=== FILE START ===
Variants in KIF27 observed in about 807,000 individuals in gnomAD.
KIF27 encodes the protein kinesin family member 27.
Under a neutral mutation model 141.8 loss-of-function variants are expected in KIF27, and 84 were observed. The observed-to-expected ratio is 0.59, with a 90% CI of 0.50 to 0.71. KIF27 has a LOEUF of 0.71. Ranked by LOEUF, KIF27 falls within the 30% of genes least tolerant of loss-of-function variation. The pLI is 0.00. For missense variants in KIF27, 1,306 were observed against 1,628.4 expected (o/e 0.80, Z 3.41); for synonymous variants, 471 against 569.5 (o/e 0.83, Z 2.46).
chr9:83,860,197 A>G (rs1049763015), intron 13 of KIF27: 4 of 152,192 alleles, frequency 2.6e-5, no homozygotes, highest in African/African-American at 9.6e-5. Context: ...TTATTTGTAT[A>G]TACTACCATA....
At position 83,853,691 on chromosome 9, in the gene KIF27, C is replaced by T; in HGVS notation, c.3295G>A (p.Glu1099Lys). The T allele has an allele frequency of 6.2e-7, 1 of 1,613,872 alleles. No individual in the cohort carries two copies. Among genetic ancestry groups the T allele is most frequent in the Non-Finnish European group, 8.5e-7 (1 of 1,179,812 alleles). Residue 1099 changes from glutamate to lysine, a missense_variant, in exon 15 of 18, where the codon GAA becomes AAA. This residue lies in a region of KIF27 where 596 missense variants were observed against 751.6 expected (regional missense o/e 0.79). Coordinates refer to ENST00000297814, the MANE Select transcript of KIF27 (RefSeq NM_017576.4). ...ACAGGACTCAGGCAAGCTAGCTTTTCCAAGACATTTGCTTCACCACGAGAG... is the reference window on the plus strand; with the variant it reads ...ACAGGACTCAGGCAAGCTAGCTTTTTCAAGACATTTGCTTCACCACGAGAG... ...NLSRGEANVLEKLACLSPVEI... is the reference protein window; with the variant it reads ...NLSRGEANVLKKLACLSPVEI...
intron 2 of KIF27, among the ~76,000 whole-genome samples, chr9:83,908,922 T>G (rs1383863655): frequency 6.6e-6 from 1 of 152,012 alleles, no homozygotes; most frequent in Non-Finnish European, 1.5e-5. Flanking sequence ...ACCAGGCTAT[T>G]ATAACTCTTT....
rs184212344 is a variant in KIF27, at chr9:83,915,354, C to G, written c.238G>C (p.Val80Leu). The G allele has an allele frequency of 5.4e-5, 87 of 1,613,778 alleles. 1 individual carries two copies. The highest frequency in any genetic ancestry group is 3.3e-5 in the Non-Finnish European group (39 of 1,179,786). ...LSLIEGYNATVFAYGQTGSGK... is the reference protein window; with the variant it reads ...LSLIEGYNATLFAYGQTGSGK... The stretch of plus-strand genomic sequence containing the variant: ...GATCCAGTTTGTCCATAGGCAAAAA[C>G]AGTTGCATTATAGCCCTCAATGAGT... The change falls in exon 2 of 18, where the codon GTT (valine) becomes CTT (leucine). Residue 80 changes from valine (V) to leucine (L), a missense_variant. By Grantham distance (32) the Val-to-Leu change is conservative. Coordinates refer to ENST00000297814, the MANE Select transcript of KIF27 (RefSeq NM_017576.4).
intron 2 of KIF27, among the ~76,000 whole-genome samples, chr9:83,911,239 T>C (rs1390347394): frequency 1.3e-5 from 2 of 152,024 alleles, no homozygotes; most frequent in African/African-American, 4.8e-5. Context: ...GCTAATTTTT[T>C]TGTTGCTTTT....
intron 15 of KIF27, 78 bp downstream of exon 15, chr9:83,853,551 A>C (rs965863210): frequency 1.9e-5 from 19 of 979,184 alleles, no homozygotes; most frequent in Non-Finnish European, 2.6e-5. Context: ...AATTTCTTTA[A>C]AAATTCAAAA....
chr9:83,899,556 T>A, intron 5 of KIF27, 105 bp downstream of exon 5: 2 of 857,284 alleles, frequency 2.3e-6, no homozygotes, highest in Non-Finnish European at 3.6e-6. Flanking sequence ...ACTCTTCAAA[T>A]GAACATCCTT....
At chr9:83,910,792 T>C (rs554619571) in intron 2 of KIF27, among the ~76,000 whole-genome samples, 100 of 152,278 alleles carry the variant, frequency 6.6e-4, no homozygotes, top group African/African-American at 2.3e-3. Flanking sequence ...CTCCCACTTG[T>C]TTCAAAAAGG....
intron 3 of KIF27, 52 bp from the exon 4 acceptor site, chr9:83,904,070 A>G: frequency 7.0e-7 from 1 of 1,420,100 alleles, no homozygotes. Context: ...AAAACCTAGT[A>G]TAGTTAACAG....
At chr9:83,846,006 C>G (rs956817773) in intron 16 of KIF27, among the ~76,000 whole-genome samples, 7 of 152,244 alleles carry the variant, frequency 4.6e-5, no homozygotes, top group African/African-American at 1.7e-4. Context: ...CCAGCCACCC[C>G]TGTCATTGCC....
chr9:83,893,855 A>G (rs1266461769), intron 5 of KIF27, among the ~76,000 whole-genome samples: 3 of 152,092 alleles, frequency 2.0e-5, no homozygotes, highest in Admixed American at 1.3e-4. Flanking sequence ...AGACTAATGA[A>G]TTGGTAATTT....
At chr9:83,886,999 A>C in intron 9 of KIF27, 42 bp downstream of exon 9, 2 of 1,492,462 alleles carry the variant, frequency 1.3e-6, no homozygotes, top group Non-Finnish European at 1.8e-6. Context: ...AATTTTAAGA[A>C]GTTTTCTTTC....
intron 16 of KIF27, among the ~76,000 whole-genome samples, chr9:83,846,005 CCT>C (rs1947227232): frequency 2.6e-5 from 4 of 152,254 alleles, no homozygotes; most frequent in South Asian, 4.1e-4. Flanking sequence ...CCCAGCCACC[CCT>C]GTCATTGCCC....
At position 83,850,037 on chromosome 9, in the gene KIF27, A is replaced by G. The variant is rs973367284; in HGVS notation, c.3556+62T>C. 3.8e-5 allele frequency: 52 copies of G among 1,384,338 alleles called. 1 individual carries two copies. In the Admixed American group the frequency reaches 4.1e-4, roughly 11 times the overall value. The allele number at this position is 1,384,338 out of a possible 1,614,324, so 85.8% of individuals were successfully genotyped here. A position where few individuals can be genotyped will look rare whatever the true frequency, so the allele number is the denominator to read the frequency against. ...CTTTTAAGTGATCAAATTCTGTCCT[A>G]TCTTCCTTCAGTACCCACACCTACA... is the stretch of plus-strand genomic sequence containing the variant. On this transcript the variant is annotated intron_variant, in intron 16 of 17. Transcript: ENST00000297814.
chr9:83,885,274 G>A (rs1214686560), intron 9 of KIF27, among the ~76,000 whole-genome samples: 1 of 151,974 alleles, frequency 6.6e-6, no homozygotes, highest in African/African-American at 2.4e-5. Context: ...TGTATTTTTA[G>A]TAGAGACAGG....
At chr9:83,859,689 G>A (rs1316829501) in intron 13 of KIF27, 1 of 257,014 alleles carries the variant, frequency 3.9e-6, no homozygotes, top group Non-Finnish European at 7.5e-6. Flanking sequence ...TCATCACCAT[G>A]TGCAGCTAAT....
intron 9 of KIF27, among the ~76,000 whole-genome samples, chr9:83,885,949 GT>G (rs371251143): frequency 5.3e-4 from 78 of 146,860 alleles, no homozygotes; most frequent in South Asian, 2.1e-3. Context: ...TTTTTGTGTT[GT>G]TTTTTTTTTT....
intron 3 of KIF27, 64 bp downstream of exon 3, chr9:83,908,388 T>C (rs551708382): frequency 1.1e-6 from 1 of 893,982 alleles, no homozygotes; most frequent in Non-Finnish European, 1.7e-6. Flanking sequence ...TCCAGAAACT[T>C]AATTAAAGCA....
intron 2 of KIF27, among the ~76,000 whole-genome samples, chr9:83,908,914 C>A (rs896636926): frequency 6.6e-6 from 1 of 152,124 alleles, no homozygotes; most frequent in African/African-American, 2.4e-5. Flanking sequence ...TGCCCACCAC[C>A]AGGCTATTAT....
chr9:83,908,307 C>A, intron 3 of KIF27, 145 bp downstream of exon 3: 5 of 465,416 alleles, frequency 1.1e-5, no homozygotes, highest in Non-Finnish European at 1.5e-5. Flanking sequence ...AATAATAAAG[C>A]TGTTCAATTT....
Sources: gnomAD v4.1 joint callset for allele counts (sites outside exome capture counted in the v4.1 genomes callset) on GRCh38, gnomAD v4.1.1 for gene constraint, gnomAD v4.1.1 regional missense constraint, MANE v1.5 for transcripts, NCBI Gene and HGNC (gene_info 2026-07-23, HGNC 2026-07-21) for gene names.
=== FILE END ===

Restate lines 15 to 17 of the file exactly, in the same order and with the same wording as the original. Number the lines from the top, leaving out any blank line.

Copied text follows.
At chr9:83,886,999 A>C in intron 9 of KIF27, 42 bp downstream of exon 9, 2 of 1,492,462 alleles carry the variant, frequency 1.3e-6, no homozygotes, top group Non-Finnish European at 1.8e-6. Context: ...AATTTTAAGA[A>C]GTTTTCTTTC....
intron 16 of KIF27, among the ~76,000 whole-genome samples, chr9:83,846,005 CCT>C (rs1947227232): frequency 2.6e-5 from 4 of 152,254 alleles, no homozygotes; most frequent in South Asian, 4.1e-4. Flanking sequence ...CCCAGCCACC[CCT>C]GTCATTGCCC....
At position 83,850,037 on chromosome 9, in the gene KIF27, A is replaced by G. The variant is rs973367284; in HGVS notation, c.3556+62T>C. 3.8e-5 allele frequency: 52 copies of G among 1,384,338 alleles called. 1 individual carries two copies. In the Admixed American group the frequency reaches 4.1e-4, roughly 11 times the overall value. The allele number at this position is 1,384,338 out of a possible 1,614,324, so 85.8% of individuals were successfully genotyped here. A position where few individuals can be genotyped will look rare whatever the true frequency, so the allele number is the denominator to read the frequency against. ...CTTTTAAGTGATCAAATTCTGTCCT[A>G]TCTTCCTTCAGTACCCACACCTACA... is the stretch of plus-strand genomic sequence containing the variant. On this transcript the variant is annotated intron_variant, in intron 16 of 17. Transcript: ENST00000297814.